The Scoop on Dentistry

If you like teeth and you're willing to finish Dental School then being an Dentist might be for you.

Basically, the Dental profession consists of a bunch of Dentists who own their own practices, and work until retirement as a Dentist. However, after you've learned everything you need to know you can start your own practice and set your own hours.

What in the World Does a Dentist Do?

Most of us have been to a Dentist's office, but we may not realize that the Dentist does more than poke around in our mouth with that prong-like tool, shine bright lights in our eyes, and lean over us with a small mirror in your mouths.

As Dentist you are responsible for diagnosing diseases of the mouth and tongue, cleaning teeth, filling cavities, and giving x-rays (all the usual stuff.) You will need to be able to recruit clients in order to build your client base, so if you're not the "recruiting type" then you might want to avoid this profession. You will need to hire a staff of Hygienists to work with you and if you don't want to handle all the ins and outs of your business yourself then you'll have to hire a clerical staff to take appointments, deal with insurance, and take payments. The job is grueling and requires steady hands, and that usually means saving them for the patients and not using them on paperwork and the phones.

What Kind of Training do I need (A.K.A. - Will I have to go to School?)

A Dentist is actually a "Doctor of Medical Dentistry" (I know, it sounds important), but that means that you need a Bachelor's degree and you'll have to go to Dental School after that. The schooling process typically takes about 8 years, so it is not for those who don't, shall we say, "Enjoy" being in school. Also, most of these Dental Schools want you to do a couple of years of "pre dental" study (which usually means getting a degree in Biology or Chemistry) when you get your Bachelor's degree, so you want to make the choice to be a Dentist early if you can.

The "rub" is that there are only 56 accredited Dental Schools in the U.S. and you have to take the DAT (Dental Admissions Test) before you can be accepted to a Dental School, but once you're there they teach you EVERYTHING (that's why it takes 4 years.)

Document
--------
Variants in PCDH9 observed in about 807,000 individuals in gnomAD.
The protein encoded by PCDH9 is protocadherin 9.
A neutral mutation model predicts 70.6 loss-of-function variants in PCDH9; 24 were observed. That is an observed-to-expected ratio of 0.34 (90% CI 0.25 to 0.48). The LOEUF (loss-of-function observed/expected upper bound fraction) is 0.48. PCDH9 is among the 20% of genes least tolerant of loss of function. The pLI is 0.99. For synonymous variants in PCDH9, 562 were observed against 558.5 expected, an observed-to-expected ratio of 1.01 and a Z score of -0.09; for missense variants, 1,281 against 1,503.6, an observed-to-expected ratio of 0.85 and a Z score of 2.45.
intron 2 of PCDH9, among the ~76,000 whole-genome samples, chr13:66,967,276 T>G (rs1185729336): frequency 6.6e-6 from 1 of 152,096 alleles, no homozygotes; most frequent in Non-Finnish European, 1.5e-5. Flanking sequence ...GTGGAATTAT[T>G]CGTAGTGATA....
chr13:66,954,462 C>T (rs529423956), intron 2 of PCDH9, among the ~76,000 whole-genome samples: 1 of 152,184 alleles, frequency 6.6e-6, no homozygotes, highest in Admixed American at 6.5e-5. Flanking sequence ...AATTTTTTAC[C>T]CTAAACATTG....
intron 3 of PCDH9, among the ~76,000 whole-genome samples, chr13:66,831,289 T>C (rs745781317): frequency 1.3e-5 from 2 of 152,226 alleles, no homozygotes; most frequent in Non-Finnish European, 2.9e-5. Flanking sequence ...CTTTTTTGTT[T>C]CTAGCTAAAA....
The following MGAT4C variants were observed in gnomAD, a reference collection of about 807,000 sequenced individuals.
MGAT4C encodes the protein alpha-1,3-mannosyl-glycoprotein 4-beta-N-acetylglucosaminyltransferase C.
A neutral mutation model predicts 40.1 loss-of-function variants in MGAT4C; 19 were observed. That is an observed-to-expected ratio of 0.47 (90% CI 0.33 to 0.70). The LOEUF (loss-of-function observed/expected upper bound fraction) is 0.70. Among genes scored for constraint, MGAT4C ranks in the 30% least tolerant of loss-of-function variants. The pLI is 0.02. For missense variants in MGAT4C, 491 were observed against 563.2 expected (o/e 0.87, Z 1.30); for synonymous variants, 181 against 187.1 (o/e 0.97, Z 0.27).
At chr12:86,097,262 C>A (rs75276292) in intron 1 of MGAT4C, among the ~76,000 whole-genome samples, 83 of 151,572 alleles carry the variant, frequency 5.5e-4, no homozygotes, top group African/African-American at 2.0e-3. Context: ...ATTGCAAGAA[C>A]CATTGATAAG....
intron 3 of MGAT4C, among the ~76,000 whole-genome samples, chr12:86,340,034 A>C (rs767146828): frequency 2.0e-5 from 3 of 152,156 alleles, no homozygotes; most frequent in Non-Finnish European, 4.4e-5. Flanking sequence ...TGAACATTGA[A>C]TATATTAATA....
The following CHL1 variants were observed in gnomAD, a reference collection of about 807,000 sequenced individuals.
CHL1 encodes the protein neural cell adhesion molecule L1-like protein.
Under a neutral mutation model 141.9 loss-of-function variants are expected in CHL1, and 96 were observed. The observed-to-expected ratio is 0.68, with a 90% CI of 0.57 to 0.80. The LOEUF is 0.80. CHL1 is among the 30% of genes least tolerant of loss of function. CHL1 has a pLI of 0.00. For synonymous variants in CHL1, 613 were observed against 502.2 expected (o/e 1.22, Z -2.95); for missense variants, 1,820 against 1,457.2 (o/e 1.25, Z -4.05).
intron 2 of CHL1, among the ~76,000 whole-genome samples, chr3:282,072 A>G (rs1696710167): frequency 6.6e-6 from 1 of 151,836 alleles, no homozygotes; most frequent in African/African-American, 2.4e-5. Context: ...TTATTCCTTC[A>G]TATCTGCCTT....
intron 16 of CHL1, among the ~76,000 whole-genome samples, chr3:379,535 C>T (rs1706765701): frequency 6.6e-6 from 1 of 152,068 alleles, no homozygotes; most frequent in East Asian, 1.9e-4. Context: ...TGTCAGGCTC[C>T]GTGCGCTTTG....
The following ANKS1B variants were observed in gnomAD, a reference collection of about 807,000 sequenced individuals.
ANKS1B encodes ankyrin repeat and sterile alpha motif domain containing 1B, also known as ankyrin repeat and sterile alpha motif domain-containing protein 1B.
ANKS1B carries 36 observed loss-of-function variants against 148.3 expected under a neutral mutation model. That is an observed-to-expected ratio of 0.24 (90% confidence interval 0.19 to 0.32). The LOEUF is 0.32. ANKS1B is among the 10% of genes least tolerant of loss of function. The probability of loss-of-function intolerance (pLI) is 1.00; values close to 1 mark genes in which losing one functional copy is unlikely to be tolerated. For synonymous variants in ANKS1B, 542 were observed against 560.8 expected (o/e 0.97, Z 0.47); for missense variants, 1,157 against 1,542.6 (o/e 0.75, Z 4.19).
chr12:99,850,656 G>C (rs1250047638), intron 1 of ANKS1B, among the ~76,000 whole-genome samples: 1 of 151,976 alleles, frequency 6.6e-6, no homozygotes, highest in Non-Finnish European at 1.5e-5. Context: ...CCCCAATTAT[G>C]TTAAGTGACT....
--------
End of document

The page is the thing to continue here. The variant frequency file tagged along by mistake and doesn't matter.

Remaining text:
After you graduate, you'll have to get a license to practice Dentistry from the State Dental Board. Usually this means you have to pass a written test and a "skills" exam (I mean, working on a mouth for a grade!) before you can get your license. After you pass you will receive your license (which requires continuing education to renew) and then you can start your own practice or work for with established Dentist for a couple of years before you open your own practice. After you have saved enough money or you are ready to start your practice you'll be able to set your own hours, hire a staff and work until your retire and sell your practice to another young Dentist.

How Do I get One of These Jobs Anyways?

Once you get your license and you've either worked for an established Dentist or you've got enough money to start your own practice you can go into business for yourself (by either starting a practice or buying one from a retiring Dentist.) Sometimes you might be able to work as part of a larger Dental Practice so you don't have to find your own patients and buy all your own equipment and secure an office space, but large practices are pretty rare.

If you want to advance in your career you can build your client base (you really do have to be the "recruiting type" to own your own business as a Dentist) and/or teach and conduct research. Sometimes research and teaching require a couple more years of advanced schooling to become a Professor of Dentistry or Researcher. A College of Dentistry might be a place to go to work after you've had a lot of experience working in the field or it could be a nice place to work in your retirement. Either way, you don't JUST have pull teeth your whole career.

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Dentists, General Overview

Dentists, General Salary:$142,870
Job Prospects:B
Education after high school:8 years
# Employed in US:85,910
% Who work Part Time:17%
Physical Difficulty:+ + +
Intellectual Difficulty:+ +
Emotional Difficulty:+ +

The Pros of being a Dentist

  • The opportunity to own your own business and set your own hours.
  • The chance to give other people jobs working in your office.
  • The opportunity to work in teaching or research

The Cons of being a Dentist

  • It takes 8 years of collegiate schooling to get a license and, maybe, advanced education
  • Your license requires a board exam and continuing education
  • It will very expensive to start your own practice or to buy one from a retiring Dentist